If you are anything like me, you have likely heard this a lot in your life as well: “Oh, but you just have so much potential.”
It kind of stings, no?
Likely because it is typically delivered via a tone that carries a little bit of pity, and instigates a varying amount of shame.
This started for me when I was in grade school and my parents would come home from parent-teacher conferences and tell me that my B grades basically were not good enough. They would always tell me that my teachers told me that I had “smarts” (add this to the list of words that makes me clench my jaw), and then would basically attempt to get me to do better by making me feel as if I was not enough—as if I was constantly falling short.
They were well intended, but it did not have the effect on my performance that they had hoped it would, I don’t believe. They were right, I could have done better and I eventually did, but it was not as a result of these interactions.
I am guilty of communicating this to people as well—both through my words and actions. Admittedly, I have even done this in my relationships. I have dated and married men who had this “potential” and was constantly expecting, and even demanding, more from them.
I saw in them so much possibility.
I saw that higher part of them and I truly thought that I saw unique gifts that they had, and I wanted badly to encourage them to use these for themselves—and selfishly toward me. As you can imagine, in the long run this did not bode well for either of us.
I see things a little bit more clearly now. I have a teacher who told me recently to look at my future as a field of potential, and I felt something shift within me. The next time around I did not feel that sting and dose of shame.
It was different this time around both due to the intention and delivery of this message from my teacher as well as the manner in which I chose to receive it.
We all have a higher potential—even a “highest” potential, but it is within our perspectives of ourselves and others that makes all of the difference. We all have those unique gifts. We all have unique ways that we see and can interact within this world of ours.
The tricky part of this though, is that we cannot force others to see these things within themselves. It is perhaps even wrong of me, or any of us, to claim that we can see this in someone else.
We can see that light within them, but to fully understand someone else, I argue is not within our scope as people.
The only people in this world that we can ever even come close to truly understanding is ourselves, and that takes time, stillness, grace, forgiveness and self-love.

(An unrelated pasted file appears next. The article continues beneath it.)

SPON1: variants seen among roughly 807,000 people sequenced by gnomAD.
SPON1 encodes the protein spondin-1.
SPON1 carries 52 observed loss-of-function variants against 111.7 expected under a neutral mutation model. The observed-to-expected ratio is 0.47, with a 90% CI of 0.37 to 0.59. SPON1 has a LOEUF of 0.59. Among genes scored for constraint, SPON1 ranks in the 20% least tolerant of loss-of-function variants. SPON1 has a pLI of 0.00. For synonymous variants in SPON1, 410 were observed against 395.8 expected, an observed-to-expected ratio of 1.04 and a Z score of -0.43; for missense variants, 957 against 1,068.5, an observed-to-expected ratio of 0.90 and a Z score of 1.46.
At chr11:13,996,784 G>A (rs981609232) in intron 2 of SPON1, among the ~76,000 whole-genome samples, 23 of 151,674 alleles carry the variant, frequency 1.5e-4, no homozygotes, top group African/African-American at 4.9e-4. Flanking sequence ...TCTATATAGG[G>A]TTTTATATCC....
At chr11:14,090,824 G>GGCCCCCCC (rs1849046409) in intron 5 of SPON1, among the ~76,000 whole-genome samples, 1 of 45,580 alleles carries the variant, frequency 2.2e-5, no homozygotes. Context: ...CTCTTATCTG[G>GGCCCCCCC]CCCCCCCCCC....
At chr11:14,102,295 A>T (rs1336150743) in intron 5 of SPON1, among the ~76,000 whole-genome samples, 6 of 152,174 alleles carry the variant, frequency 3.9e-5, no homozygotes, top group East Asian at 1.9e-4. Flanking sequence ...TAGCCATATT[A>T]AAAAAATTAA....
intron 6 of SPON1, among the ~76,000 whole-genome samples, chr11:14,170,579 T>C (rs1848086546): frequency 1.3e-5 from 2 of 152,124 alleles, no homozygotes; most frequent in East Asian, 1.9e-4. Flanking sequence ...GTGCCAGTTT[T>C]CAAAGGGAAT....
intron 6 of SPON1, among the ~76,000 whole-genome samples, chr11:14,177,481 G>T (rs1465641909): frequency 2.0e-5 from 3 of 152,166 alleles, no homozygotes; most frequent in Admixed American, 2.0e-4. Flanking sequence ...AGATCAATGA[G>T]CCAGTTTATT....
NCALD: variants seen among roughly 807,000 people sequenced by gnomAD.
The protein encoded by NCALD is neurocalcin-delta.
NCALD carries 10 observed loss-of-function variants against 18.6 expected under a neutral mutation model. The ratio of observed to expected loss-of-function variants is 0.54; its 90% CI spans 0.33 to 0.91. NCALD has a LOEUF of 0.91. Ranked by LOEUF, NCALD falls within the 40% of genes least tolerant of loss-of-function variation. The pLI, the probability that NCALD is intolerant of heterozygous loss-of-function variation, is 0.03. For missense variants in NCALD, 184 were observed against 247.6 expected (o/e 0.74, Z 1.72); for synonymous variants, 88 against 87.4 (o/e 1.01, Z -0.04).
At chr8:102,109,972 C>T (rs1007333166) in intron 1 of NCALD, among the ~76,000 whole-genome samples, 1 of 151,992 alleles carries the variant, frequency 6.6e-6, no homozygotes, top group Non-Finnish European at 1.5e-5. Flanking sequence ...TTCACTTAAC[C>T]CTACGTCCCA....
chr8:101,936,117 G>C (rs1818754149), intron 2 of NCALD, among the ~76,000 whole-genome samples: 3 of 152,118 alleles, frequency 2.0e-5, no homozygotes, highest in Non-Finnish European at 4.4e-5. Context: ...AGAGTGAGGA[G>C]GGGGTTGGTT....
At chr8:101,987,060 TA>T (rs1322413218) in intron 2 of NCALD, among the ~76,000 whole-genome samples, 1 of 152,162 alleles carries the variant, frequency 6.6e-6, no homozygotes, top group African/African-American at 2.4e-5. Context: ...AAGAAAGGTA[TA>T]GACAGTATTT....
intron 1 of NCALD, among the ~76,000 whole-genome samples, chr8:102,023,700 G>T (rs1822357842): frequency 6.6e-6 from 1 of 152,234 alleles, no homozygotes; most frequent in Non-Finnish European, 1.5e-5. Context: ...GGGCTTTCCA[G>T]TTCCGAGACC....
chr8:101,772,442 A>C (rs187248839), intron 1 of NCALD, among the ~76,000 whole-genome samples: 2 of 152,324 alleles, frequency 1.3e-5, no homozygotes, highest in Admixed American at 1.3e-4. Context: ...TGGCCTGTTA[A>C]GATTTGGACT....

What we can do, is both see and honor wherever we—or where anyone else is at.
When it comes to doing this for ourselves, I cannot truly feel that potential for my future until I see myself as being completely full where I am at currently. I cannot grow, I cannot improve myself if my starting point is seeing myself as someone who is lacking. The energy is wrong and I will be going at the endeavor from a place almost of “fixing” more so than anything else, and none of us—not one of us, ever needs fixing.
We all struggle. We struggle with different things. Some of us may struggle with addiction, some with anger, some with keeping a job, and the list goes on, but these situations are not that of which we should identify.
Our struggles are not who we are.
We are not our struggles.
The potential that we have is a matter of alignment.
It is about being true to who we are.
It is about listening to what we feel is right for us.
We are always complete. Always. We can perform and take actions and do things that can be really far away from who we are—or we can become closer to this.
It is extremely difficult for any of us to be in alignment with this at all times, but the closer that we get to our thoughts, words, and actions being in-line with what is true to us, the more of that potential we are fulfilling.
When we see that we have not done something that is perhaps part of this potential for ourselves, it is crucial that we respond in a positive way.
This is such a game changer and carries so much weight that I believe this requires re-emphasis: When we step out of alignment with what is truly “us,” when we do things that perhaps are not good for us, do not feel right for us, are unhealthy for us, or even hurt ourselves or others, we have got to forgive ourselves. We need to have grace for ourselves in these times or it can just lead to shame, guilt or other states that can just lead us further off the path.
We acknowledge this, learn from it, and we can let it go.
We come back to who we are and we choose the best course of action in which to continue.
Again, our “potential” is not to be seen with the perspective of that which we are not. Rather, this potential for ourselves, basically is just that. It is our self.
We can choose in any situation to think, act and speak in alignment with what is really us.
That is the beauty of it—it really is simple. We don’t have to chase after potential like the proverbial carrot.
It is already within us.
It is us.
Nothing more, nothing less.
Author: Katie Vessel
Editor: Travis May